Join Date: Feb 2000
Location: Annapolis, Md
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As I read through this thread, a couple things jumped out at me. First of all, the thread starts out as a general theoretical design question comparing sloop vs cat rigs. Then it migrates to a very specific question about converting a specific design from a sloop to a cat rig. And then it does a non-sequitor and becomes as a discussion of catamarrans vs mono-hulls and ultimately ends up as a discussion of the egos of felines, and multi-hull and feline lovers. Cheez Louise.......You just have to wonder about this place sometimes.
Anyway, back to the original question, in steady state, moderate to low speed wind conditions a single sail is generally more efficient than multiple sails. But we don't sail in steady state conditions. we sail at a variety of angles to the winds, with gradient winds that require twist to the sails, in ambient winds that increase and decrease in speed, which is then complicated by the impact of apparent wind and velocity shifting, and so on. And in these variable conditions, the multiple sails of a sloop allow us to adapt to the changing boat and wind speed and direction not just for performance, but to balance the helm, reduce heeling, deal with waves or current and so on. This can be done on a catboat as well, but not as efficiently.
Its important to understand that the primary drive in a sail comes from its leading edge and not from its sail area. Increasing sail area without increasing leading edge will increase speed on a beam reach to a run, but does comparatively little for the boat upwind. If we compare a sloop to a catboat of equal mast height, the added luff length of the jib can mean that the sloop will have an extra 60% to 100% more leading edge over the cat. That is significant when close reaching to going upwind.
Of course you can increase the length of the mast on the cat rig in order to equal that of the sloop, but when you do you raise the vertical center of gravity making the cat rigged boat a lot more prone to heeling for an equal sail area and luff length.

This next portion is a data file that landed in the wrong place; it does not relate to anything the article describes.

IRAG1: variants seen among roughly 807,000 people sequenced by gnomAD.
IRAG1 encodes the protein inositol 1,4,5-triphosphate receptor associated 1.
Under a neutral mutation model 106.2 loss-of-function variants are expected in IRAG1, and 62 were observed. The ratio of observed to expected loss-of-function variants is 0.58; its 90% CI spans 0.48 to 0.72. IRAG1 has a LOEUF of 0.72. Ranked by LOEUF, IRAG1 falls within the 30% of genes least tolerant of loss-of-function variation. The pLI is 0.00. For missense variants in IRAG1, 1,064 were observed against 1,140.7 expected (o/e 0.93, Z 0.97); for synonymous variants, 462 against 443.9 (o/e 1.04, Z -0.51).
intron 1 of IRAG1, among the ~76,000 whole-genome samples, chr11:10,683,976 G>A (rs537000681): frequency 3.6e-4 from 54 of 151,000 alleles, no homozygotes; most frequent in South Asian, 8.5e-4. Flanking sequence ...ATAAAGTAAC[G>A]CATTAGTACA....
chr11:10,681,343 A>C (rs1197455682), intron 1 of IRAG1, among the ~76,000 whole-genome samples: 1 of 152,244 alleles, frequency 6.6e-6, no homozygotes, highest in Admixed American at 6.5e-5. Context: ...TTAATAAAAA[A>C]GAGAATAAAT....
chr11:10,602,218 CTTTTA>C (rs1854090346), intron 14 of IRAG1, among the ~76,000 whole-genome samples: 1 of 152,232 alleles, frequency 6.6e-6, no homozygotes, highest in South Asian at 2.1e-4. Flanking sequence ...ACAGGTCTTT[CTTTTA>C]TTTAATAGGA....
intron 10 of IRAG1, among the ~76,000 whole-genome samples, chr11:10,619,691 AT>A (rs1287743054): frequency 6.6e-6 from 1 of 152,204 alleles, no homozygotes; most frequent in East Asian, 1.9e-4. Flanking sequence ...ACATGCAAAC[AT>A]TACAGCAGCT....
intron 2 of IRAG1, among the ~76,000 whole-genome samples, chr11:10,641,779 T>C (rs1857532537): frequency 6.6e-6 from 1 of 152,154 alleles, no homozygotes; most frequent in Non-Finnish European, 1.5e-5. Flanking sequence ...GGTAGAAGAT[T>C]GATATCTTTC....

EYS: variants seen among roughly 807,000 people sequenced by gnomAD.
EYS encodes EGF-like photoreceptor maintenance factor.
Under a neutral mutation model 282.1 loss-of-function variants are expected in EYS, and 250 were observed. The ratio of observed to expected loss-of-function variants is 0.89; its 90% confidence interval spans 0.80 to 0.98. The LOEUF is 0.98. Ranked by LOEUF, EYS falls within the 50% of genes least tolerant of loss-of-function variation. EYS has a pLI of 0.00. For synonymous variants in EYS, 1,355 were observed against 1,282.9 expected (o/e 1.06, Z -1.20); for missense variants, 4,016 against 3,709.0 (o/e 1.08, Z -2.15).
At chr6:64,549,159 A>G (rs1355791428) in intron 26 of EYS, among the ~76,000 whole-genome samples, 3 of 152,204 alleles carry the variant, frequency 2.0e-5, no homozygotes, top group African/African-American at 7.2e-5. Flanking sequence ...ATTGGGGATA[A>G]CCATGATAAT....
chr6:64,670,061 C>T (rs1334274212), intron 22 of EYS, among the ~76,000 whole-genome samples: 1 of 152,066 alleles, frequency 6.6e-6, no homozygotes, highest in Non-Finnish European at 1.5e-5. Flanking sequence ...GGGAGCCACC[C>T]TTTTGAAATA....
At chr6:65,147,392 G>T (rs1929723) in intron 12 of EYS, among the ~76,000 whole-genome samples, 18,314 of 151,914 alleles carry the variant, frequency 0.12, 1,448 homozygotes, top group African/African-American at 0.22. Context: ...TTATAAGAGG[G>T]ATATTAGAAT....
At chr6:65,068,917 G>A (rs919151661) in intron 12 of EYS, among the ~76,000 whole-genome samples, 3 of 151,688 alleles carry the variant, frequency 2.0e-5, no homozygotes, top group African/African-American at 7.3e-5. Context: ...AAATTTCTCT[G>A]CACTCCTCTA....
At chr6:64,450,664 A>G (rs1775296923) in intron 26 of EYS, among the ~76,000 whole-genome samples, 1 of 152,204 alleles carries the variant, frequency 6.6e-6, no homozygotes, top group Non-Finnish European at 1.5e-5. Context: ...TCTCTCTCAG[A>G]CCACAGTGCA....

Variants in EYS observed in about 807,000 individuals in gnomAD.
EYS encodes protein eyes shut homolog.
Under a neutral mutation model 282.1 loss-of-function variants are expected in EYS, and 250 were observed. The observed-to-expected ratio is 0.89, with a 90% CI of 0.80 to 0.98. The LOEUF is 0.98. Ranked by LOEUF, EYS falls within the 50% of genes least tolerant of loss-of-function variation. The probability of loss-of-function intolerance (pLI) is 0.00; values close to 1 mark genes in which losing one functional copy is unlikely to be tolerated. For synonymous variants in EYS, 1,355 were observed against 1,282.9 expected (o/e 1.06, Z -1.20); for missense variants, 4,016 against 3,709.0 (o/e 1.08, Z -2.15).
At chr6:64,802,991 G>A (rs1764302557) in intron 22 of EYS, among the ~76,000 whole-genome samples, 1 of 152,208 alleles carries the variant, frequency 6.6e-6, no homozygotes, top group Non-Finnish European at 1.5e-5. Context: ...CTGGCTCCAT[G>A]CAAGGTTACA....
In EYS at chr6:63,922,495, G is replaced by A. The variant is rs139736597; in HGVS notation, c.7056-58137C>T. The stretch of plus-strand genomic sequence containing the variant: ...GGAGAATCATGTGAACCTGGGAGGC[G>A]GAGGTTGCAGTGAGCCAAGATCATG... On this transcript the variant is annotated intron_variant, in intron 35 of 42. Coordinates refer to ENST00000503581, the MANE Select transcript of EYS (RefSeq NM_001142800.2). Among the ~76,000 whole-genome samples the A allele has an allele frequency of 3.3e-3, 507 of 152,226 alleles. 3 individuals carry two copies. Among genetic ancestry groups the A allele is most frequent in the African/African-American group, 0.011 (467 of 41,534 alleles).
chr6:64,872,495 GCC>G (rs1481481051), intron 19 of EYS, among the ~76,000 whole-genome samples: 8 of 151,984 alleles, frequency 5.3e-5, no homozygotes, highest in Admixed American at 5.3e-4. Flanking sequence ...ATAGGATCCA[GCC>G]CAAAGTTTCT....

Some catboats try to equal the sail area of the sloop while maintaining an equal mast height to the sloop by going to quadralateral sails (gaff or lug rigs). This helps a lot on reaches and runs but adds drag and so hurts windward performance.
The other advantage of the sloop over cat is the ability to maintain luff length while reducing sail area in higher windspeeds. What happens with a performance oriented sloop is that it will have several headsails that it can employ. These headsails are typically of different overlap and flatness, but they mostly all have similar luff lengths. Because of the ability to control headstay sag over a range of conditions, the fullness of any individual jib can be varied with the conditions as well. Because you can pick the right jib for the conditions, the sloop also offers practical advantage over a catboat which can only alter mainsail shape, and reef to deal with changes in windspeed.
More than any other single reason, this flexibility in adapting to changes in windspeed is the reason that larger racing sailboats are sloops and not catboats. The massive inherent upwind inefficiencies of multi-mast rigs is the reason that modern race boats are typically not ketches, yawls or schooners.
Which gets us to the second part of the question, What is the best rig for a puffer, which is the one that I suspect that the original poster had in mind when he started this. For their day, Puffers were a nice design all around. They came with a very efficient sloop rig and I would suspect that converting one to a catboat, even with a taller mast, and greater sail area, one would give up a certain amount of performance particularly at the upper and lower ends of the wind range. Its not because of any theoretical advantage that a sloop may have, but more about the physical properties of the puffer itself.
As to the felines, and multi-hull and feline lovers, go find your own thread.
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Curmudgeon at Large- and rhinestone in the rough, sailing my Farr 11.6 on the Chesapeake Bay